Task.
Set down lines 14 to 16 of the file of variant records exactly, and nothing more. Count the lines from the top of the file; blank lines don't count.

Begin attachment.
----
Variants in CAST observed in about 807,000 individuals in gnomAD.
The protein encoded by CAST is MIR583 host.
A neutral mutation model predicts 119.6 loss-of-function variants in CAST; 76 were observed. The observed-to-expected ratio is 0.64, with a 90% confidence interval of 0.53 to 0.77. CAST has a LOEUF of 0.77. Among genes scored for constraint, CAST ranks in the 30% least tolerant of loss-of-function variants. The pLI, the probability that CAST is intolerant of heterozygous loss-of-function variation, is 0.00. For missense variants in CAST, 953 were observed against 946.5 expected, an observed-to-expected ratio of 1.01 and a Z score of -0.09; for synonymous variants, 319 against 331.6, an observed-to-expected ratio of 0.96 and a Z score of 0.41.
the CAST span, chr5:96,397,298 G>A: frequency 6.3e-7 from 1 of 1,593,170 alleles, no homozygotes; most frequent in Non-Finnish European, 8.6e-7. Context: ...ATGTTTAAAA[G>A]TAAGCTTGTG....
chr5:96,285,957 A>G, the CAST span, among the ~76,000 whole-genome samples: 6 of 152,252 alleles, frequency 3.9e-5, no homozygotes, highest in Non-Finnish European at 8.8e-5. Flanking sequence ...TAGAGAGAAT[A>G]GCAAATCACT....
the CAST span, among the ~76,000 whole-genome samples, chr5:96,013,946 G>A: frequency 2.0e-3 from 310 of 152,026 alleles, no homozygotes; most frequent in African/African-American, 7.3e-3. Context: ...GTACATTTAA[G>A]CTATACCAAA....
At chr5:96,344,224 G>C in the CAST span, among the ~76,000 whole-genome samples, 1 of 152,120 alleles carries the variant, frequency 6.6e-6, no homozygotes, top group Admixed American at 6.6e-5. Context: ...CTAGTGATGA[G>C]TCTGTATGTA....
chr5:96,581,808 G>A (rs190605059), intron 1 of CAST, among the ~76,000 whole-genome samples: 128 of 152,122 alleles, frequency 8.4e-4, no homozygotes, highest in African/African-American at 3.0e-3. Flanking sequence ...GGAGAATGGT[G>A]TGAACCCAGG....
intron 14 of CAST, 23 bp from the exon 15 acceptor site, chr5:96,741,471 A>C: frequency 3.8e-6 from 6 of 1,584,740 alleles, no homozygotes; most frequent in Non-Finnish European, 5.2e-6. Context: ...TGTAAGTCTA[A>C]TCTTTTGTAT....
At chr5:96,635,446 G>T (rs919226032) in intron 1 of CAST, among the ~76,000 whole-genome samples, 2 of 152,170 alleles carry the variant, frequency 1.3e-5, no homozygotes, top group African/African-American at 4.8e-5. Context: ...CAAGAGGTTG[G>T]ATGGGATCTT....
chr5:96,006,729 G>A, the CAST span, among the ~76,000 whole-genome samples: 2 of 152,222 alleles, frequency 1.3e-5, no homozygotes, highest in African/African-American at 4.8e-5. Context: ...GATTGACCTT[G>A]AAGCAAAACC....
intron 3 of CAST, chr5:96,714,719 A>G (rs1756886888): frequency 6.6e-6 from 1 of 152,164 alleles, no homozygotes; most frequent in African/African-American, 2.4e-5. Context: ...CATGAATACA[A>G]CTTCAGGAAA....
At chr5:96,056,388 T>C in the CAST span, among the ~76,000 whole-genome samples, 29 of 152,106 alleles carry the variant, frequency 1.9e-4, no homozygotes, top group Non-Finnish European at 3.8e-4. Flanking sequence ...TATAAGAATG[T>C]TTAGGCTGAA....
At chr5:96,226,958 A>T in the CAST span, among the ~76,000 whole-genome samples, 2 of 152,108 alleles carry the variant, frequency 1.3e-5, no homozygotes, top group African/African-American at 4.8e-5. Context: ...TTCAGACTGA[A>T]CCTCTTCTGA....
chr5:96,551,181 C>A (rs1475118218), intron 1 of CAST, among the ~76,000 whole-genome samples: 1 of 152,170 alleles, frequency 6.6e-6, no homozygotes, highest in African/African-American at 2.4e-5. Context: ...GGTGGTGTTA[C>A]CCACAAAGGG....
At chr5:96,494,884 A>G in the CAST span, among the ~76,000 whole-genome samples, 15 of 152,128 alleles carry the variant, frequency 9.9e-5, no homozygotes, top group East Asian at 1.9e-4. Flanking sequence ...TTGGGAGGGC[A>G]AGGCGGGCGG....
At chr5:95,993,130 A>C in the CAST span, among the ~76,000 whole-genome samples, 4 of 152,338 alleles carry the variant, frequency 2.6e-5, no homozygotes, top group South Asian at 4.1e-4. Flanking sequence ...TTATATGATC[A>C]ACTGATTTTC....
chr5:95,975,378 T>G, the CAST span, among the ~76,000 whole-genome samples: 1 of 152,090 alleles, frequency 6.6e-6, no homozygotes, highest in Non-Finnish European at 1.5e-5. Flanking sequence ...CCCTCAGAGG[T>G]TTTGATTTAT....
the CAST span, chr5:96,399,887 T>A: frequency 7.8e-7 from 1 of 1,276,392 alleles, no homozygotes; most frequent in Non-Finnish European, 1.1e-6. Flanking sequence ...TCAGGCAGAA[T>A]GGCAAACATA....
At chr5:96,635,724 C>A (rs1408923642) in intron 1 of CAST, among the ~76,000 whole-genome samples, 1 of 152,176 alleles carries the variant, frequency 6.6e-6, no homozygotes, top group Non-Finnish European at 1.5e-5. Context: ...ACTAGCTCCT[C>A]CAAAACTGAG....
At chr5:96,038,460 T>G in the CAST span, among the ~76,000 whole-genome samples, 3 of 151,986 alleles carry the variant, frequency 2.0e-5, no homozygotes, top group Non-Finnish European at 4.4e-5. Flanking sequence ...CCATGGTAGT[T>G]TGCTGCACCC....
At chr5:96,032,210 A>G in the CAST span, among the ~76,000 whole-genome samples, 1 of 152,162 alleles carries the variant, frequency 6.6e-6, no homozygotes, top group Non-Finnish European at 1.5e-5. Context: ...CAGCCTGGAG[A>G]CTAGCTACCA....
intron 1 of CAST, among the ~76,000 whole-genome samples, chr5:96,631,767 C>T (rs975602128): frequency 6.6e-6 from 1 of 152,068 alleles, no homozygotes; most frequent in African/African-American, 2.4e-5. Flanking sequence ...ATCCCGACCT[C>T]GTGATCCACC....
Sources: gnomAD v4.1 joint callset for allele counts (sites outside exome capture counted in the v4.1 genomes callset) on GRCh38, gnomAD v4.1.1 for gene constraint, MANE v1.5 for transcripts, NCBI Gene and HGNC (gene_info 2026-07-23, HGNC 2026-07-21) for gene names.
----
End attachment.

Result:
At chr5:96,226,958 A>T in the CAST span, among the ~76,000 whole-genome samples, 2 of 152,108 alleles carry the variant, frequency 1.3e-5, no homozygotes, top group African/African-American at 4.8e-5. Context: ...TTCAGACTGA[A>T]CCTCTTCTGA....
chr5:96,551,181 C>A (rs1475118218), intron 1 of CAST, among the ~76,000 whole-genome samples: 1 of 152,170 alleles, frequency 6.6e-6, no homozygotes, highest in African/African-American at 2.4e-5. Context: ...GGTGGTGTTA[C>A]CCACAAAGGG....
At chr5:96,494,884 A>G in the CAST span, among the ~76,000 whole-genome samples, 15 of 152,128 alleles carry the variant, frequency 9.9e-5, no homozygotes, top group East Asian at 1.9e-4. Flanking sequence ...TTGGGAGGGC[A>G]AGGCGGGCGG....